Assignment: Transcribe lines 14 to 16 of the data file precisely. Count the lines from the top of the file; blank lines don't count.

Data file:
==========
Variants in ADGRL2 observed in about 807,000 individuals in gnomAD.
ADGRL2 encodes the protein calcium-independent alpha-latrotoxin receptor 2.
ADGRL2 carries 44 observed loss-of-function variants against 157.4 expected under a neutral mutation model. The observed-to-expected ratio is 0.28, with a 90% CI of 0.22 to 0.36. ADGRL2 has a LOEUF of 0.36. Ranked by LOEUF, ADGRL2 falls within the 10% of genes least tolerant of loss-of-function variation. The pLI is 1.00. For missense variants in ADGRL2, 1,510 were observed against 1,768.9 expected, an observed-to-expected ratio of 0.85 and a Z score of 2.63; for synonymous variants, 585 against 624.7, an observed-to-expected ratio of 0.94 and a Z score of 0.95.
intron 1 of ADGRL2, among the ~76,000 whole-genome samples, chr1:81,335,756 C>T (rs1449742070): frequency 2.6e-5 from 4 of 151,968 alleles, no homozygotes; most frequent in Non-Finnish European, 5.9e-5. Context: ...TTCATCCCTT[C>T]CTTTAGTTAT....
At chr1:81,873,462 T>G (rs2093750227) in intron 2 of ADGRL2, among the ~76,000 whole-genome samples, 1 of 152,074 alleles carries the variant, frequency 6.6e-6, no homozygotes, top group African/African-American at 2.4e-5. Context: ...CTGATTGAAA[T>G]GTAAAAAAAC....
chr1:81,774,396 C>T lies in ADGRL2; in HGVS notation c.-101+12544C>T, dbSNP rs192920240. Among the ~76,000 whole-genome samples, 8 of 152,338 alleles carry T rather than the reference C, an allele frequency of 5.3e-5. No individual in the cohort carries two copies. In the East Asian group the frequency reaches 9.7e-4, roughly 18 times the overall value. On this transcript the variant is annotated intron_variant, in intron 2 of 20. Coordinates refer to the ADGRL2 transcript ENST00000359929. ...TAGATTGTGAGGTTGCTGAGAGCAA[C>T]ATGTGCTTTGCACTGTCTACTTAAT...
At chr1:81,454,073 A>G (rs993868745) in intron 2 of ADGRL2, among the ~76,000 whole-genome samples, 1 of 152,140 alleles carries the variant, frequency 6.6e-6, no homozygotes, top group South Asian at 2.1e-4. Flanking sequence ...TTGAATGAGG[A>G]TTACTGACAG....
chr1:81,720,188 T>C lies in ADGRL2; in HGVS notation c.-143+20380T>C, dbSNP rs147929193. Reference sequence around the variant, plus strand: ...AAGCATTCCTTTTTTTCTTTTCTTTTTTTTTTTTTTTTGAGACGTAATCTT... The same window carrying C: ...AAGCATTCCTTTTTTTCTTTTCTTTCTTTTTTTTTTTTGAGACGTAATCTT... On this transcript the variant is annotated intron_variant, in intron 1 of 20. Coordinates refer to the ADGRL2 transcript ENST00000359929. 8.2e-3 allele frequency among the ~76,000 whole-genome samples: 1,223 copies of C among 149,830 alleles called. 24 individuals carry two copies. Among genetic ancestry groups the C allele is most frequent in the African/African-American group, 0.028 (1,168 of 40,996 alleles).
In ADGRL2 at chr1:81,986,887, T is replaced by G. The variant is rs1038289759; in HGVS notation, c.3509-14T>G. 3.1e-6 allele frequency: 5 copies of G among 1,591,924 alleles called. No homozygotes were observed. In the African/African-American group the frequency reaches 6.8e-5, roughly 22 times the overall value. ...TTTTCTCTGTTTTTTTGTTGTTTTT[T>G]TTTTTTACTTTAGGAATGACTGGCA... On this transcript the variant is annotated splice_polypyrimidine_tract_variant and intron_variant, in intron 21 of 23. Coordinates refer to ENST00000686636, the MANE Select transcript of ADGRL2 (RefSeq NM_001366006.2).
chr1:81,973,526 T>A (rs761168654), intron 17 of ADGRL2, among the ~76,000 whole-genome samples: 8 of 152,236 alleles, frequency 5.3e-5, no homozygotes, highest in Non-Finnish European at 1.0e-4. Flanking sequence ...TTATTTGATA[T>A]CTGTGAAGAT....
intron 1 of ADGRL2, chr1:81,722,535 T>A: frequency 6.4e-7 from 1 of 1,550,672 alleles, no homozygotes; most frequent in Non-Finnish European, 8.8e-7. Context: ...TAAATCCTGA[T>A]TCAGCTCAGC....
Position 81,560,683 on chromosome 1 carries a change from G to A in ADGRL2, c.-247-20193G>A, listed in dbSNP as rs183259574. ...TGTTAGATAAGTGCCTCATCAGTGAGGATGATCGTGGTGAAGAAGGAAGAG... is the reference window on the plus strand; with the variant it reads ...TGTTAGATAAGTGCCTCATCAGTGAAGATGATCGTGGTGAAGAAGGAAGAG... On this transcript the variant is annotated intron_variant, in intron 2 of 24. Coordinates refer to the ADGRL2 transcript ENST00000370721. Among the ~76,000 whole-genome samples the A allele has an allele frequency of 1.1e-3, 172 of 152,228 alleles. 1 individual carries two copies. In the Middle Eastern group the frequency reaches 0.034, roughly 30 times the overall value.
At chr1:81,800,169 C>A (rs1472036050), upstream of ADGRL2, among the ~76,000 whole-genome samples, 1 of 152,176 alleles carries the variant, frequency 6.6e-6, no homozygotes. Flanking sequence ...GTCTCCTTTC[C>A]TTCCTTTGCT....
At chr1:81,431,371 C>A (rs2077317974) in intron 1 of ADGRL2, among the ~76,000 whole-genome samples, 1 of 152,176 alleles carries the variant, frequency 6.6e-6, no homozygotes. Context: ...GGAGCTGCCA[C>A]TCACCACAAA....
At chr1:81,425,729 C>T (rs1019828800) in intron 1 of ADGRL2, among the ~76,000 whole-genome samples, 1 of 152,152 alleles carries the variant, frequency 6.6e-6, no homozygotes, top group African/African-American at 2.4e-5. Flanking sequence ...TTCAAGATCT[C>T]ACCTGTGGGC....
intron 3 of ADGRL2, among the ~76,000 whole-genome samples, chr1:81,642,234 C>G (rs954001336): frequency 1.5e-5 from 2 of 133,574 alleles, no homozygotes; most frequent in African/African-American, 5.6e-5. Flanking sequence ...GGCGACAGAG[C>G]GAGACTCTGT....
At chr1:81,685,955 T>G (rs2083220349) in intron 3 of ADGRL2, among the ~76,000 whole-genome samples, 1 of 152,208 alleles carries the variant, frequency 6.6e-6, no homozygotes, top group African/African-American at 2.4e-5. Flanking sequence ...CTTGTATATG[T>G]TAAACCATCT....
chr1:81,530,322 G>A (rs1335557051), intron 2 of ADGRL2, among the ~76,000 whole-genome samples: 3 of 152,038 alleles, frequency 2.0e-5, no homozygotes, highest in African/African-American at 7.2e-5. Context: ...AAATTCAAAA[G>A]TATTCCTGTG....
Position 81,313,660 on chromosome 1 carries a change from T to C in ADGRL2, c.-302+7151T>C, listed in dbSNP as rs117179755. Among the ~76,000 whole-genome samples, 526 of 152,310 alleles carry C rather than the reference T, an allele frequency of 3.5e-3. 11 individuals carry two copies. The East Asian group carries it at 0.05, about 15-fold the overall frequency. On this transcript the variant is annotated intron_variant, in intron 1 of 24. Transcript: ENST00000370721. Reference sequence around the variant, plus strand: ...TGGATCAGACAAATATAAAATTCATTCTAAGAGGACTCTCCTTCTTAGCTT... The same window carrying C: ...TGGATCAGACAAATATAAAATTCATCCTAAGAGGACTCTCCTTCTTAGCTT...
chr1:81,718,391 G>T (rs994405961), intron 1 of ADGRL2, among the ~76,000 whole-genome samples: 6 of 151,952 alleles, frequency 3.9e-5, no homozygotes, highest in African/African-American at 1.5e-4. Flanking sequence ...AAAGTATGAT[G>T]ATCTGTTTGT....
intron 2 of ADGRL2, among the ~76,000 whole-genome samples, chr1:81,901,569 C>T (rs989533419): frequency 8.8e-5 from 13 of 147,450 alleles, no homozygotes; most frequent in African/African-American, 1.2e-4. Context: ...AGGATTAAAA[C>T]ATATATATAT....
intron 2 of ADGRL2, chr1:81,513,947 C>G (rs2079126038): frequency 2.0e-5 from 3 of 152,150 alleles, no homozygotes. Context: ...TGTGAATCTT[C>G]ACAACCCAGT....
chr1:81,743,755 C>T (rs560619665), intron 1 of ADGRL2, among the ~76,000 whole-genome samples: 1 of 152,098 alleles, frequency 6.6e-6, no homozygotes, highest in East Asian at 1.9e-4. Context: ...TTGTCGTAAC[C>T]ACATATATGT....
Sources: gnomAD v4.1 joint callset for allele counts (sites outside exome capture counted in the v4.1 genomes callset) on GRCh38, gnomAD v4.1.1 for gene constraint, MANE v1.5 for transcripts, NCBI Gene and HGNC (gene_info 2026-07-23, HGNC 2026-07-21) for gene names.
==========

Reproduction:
At chr1:81,431,371 C>A (rs2077317974) in intron 1 of ADGRL2, among the ~76,000 whole-genome samples, 1 of 152,176 alleles carries the variant, frequency 6.6e-6, no homozygotes. Context: ...GGAGCTGCCA[C>A]TCACCACAAA....
At chr1:81,425,729 C>T (rs1019828800) in intron 1 of ADGRL2, among the ~76,000 whole-genome samples, 1 of 152,152 alleles carries the variant, frequency 6.6e-6, no homozygotes, top group African/African-American at 2.4e-5. Flanking sequence ...TTCAAGATCT[C>T]ACCTGTGGGC....
intron 3 of ADGRL2, among the ~76,000 whole-genome samples, chr1:81,642,234 C>G (rs954001336): frequency 1.5e-5 from 2 of 133,574 alleles, no homozygotes; most frequent in African/African-American, 5.6e-5. Flanking sequence ...GGCGACAGAG[C>G]GAGACTCTGT....